Change is not something that occurs quickly or unexpectedly in the ancient and highly conservative sport of sumo. However, that seems to be exactly what happened earlier today Apr. This shocking announcement was made at a roughly minute-long press event in Tokyo organized by the Japan Sumo Association. Sumo wrestlers in the ring wearing the now defunct mawashi. Following the earth-shattering press event, news commentators across Japan took to the airwaves. While a small minority seemed accepting of the new policy, the vast majority called it nothing more than a shameful attempt to distract the public from a recent series of scandals involving senior wrestlers physically abusing their juniors. Yamane, however, told Nippon Rai News that these scandals had nothing to do with the decision to outlaw the mawashi :.
Many believe that those wrestlers adopt unhealthy diets that increased their weights, but the reality is that the sport requires the wrestlers to gain much weight and undergo intensive exercises so that they can play the game. The Japanese do not see sumo as a mere sport. It is the oldest religious book in Japanese history. According to the Kojiki, the first sumo wrestling match recorded in history was between Takemikazuchi and Takeminakata—two deities in Japanese mythology—and occurred on the Japanese archipelago. Takemikazuchi won the first match, thus the Japanese sumo stars are said to have descended from him. During the matches or training, a Sumo wrestler must wear a belt of cloth around his waist and between his legs, called mawashi. Sumo wrestlers must be almost naked during the matches, wearing only this piece of cloth. On entering sumo, the wrestlers are expected to grow their hair long to form a topknot, or chonmage, similar to the samurai hairstyles of the Edo period. Those with short hair are not allowed to practice this sacred sport.
Sumo wrestling is a traditional martial art that originated the 9th century and is closely associated with Shinto, the indigenous religion of Japan. The objective of a Sumo bout is simple — the over-sized combatants aim to force their opponents out of the dohyo ring or onto the ground using a mixture of slapping, wrestling and shoving. The dohyo is considered sacred ground and is blessed by a Shinto priest before every bout. When the wrestlers enter the dohyo they perform an elaborate series of Shinto rituals, starting with a foot-stomping exercise to drive away evil spirits. Foreign visitors to a sumo tournament have been known to panic when stomping starts, mistaking the mild rumblings from the dohyo for the start of an earthquake. Although as a tactic throwing salt into the eyes of an opponent would certainly give a wrestler an advantage, there is no known case this ever happening.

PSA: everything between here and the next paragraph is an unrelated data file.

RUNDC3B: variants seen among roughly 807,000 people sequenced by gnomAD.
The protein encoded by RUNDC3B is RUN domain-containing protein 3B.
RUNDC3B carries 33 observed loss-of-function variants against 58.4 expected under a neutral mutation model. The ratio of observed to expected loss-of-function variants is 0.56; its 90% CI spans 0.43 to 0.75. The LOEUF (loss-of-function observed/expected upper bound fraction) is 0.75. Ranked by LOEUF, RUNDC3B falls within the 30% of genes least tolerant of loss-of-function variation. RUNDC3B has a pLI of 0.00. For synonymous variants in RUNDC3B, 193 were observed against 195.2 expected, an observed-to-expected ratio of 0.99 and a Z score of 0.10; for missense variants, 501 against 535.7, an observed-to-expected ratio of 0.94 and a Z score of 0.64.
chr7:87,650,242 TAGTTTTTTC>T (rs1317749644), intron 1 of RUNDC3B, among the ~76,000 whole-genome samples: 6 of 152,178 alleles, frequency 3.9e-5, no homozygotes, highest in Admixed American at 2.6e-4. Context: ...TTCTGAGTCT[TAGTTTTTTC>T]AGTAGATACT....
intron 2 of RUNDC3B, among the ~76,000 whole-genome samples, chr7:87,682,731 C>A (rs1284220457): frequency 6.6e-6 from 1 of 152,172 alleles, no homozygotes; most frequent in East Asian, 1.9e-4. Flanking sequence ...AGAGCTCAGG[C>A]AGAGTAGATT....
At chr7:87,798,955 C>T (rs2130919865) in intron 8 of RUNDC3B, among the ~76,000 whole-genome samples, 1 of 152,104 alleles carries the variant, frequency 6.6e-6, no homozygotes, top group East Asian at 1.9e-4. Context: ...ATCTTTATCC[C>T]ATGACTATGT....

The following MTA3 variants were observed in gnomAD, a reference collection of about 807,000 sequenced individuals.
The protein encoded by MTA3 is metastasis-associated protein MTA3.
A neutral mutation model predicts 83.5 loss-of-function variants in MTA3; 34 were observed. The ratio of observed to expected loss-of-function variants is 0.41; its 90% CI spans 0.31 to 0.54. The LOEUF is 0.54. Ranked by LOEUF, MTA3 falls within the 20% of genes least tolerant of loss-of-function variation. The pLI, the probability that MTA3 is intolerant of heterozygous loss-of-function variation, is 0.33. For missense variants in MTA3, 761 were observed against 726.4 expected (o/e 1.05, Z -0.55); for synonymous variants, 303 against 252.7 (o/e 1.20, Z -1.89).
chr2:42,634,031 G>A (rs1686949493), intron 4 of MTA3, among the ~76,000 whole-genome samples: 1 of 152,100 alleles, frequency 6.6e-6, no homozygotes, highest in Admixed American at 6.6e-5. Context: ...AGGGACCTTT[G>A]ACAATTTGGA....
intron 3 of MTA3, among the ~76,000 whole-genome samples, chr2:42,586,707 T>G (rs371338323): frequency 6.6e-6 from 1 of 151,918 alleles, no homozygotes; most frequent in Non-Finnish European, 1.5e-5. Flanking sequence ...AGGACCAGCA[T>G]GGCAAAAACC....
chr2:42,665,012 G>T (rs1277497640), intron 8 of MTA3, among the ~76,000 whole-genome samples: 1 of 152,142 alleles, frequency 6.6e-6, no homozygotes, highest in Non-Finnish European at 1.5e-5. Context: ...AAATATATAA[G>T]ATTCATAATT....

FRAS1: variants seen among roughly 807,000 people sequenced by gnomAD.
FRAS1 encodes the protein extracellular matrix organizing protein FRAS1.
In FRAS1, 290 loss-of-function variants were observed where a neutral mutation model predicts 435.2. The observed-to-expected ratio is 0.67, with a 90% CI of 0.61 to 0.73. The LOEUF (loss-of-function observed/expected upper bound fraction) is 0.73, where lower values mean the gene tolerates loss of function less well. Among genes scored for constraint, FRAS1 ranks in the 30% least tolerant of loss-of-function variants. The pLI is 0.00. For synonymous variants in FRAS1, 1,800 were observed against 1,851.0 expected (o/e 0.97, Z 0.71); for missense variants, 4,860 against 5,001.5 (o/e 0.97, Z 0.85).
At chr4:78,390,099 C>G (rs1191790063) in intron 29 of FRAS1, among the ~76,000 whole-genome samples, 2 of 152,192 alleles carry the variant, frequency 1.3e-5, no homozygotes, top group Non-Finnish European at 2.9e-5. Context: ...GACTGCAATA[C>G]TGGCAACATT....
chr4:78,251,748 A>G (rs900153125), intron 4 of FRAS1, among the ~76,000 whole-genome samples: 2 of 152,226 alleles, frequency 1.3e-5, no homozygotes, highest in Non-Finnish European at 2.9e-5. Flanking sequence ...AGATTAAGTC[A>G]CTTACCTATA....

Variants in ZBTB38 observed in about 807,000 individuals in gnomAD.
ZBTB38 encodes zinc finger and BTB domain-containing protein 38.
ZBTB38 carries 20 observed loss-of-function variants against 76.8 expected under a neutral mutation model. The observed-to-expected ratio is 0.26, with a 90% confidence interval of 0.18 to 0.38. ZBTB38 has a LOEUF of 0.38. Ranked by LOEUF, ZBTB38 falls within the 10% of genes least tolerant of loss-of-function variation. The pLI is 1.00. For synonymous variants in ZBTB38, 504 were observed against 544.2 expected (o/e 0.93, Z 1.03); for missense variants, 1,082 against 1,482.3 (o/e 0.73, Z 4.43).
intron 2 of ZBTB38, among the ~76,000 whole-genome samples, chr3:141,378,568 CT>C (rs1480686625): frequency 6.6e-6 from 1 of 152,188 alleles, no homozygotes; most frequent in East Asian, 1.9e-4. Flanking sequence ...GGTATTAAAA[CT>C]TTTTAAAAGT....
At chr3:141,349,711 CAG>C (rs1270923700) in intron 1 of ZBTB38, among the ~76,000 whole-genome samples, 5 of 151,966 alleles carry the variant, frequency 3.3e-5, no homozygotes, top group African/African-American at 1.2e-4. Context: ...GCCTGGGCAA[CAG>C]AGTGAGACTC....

I don't think we could have a real conversation about those points either. I met my ex when he was a 2nd year resident and married him when he completed his oncology fellowship. They don't get easier, the demands of the hospital and patients will always come first. The important thing is doing it together. It's not impossible, just painful and unlikely. And when he's working, you should be able to connect somehow. All I can say is, "WOW".